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Three Authoritarian Moral Theories

By:   •  October 23, 2018  •  Course Note  •  990 Words (4 Pages)  •  143 Views

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Three Authoritarian Moral Theories

A theory is a systematic attempt to explain something.  For example, the theory of gravity explains the attraction of physical bodies.  If a theory is successful, we should feel that we finally have a good understanding of whatever the theory is trying to explain; for example, in the case of the theory of gravity, what causes bodies to be attracted to each other, as well as to predict when to expect this attraction, how much attraction to expect, etc.  An ethical theory attempts to explain proper moral behavior, usually by identifying the good, and then by going on to determine whether actions are right/wrong by deciding whether on not they are consistent with the accepted good.

Even though people may have strong intuitions (or pre-theoretical opinions) about which actions are morally proper without appealing to an ethical theory, it is only within a clear ethical theory that statements of ethics can be said justifiably to be true or false.  Many different moral theories have been proposed, but a number of theories try to explain the distinction between right and wrong actions by appealing to an authority who has the right to make the distinction.  In the following three (3) moral theories, the authority is, respectively, (1) the individual actor, (2) God, and (3) society.


Subjectivism, often associated with the great French philosopher, Jean-Jacques Rousseau (1712-1778), is the view that each person decides what is right or wrong for himself or for herself, with no outside authority having the right to decide for another person what is the right thing to do.  Each individual follows their own feeling.  Rousseau once said that "What I feel is right is right, and what I feel is wrong is wrong."  Of course, he meant just for himself, and, according to subjectivism, you have the same authority over your own actions.  On this view, no one can ever be mistaken about what is morally correct for their own life, and arguing with others about the truth of a moral statement would be pointless, just like an argument about whether a certain food tastes good.  A moral claim would be true (or false) only for each individual who makes the claim.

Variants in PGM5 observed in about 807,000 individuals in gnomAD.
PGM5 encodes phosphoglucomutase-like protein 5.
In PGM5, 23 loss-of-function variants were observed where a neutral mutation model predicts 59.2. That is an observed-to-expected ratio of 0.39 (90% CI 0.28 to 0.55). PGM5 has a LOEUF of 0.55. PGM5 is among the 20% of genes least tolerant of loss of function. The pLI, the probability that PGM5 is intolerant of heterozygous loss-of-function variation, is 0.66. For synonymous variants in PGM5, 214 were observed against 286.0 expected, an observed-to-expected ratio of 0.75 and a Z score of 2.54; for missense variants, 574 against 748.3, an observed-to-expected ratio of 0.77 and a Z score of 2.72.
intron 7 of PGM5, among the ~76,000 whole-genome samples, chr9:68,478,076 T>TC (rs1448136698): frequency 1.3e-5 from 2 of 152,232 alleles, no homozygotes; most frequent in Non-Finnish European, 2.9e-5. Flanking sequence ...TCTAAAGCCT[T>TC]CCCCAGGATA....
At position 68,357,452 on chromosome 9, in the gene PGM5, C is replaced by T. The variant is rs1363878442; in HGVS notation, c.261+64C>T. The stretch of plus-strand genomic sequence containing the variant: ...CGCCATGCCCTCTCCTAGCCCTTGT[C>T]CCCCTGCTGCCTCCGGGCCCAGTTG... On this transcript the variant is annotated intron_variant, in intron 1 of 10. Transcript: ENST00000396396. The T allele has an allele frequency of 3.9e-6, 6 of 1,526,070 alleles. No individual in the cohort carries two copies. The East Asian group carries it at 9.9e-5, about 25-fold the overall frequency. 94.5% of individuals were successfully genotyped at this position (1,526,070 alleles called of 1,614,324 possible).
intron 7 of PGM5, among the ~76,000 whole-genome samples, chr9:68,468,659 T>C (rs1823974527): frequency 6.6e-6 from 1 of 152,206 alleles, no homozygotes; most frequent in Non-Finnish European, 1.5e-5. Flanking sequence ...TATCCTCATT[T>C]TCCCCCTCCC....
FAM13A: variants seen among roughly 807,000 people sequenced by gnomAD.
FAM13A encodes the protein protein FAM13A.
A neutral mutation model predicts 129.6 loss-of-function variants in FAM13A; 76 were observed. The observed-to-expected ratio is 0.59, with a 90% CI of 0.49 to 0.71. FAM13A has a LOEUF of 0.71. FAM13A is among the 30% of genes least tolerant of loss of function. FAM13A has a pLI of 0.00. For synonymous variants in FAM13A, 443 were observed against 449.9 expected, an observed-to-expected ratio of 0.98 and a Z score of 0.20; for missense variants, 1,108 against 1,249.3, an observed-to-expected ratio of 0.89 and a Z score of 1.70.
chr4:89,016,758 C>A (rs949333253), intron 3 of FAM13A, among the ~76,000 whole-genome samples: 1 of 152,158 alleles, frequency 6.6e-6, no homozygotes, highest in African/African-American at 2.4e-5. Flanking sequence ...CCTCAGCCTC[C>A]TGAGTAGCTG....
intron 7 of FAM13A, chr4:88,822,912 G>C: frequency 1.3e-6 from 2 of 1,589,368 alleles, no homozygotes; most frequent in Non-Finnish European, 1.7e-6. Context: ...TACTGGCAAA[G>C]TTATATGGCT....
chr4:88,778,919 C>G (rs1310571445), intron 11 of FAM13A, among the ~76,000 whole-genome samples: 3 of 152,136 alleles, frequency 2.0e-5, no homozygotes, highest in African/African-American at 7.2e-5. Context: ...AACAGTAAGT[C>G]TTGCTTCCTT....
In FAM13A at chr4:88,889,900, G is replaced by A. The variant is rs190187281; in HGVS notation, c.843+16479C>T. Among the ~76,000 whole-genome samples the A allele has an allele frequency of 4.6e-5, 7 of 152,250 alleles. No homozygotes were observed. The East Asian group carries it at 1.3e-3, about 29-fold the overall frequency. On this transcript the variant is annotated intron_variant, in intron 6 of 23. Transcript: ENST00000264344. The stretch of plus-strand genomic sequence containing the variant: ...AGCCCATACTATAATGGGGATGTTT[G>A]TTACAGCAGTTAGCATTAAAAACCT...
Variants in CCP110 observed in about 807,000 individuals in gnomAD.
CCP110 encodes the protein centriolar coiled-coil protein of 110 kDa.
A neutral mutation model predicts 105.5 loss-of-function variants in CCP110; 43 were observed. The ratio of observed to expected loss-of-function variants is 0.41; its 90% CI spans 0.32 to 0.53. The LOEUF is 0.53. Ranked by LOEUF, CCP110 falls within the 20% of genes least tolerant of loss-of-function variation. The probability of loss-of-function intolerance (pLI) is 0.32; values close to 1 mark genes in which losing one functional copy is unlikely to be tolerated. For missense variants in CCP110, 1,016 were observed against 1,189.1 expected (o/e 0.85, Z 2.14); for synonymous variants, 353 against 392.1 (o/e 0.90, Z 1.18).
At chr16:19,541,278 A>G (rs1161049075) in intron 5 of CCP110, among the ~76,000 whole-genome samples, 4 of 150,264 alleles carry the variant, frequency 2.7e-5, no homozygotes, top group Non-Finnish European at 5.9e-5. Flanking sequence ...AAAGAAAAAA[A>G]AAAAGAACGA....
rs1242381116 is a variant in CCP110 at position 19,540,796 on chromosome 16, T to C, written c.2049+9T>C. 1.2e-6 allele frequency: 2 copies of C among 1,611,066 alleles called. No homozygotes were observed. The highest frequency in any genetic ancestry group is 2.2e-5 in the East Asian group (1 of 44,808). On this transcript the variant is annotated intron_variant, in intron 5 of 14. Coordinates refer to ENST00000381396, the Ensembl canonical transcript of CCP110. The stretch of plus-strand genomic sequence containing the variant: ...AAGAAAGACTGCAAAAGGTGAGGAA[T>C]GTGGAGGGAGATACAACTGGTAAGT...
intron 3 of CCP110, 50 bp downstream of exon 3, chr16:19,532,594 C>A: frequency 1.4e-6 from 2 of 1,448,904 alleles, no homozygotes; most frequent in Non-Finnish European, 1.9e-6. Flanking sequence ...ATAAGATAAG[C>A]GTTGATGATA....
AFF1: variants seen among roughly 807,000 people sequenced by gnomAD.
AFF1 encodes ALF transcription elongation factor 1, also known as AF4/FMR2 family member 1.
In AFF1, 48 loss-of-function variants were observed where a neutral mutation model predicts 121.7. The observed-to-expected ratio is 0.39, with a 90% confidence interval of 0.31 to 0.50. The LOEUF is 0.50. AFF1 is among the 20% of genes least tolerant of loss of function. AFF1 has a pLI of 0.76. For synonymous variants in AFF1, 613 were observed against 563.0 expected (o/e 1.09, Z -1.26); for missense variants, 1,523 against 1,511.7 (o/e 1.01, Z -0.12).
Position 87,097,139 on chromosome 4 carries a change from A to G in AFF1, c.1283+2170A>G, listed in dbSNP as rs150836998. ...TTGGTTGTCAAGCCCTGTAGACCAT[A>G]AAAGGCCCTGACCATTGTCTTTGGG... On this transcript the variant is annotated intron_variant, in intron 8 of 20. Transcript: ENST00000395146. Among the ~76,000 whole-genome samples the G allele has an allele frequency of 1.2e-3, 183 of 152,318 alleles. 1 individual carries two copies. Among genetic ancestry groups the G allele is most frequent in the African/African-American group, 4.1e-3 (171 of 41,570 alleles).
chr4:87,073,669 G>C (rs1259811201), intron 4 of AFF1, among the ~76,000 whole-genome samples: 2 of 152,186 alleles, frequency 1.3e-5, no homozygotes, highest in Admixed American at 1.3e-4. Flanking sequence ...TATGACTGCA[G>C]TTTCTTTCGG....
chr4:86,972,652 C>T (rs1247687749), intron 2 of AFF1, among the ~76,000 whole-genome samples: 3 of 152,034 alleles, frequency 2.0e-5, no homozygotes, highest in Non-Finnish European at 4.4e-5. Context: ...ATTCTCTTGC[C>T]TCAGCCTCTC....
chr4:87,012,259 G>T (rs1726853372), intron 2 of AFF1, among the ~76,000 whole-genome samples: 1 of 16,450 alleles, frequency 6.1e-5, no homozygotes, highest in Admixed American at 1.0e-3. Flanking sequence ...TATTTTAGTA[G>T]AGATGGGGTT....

Subjectivism is the theory that X* is right/wrong iff** the individual who does X feels or believes that X is right/wrong.

*X is a variable that ranges over all possible actions.  In the statement, the same action must be substituted for all occurrences of X

*'iff' = 'if and only if' (biconditional)


In the divine command theory, what is right or wrong in all matters of ethics is decided entirely by God and by God alone.  This view is adopted by many people who believe in God, and especially by those who consider the worship of God to be the main purpose of their lives.  In this theory, everything God commands you to do is morally binding and right, even if you cannot understand why.  Even if God commands you to kill your only child (as he commanded Abraham to kill Isaac), this is the right thing to do for you, or for anyone that God would command in same this way.

The Divine Command Theory can be expressed as X is right/wrong iff God commands or says that X is right/wrong.



The ethical theory known as cultural (ethical) relativism identifies the good with social conformity and assumes that the purpose of moral restrictions (taboos) is to maintain a cohesive and durable social unit.  To this extent, it does not really matter which rules a society enforces so long as everyone in the society follows them.  The rules may come from any source, and they have absolute authority over everyone in the culture with the only requirement being that they have general approval in the culture.


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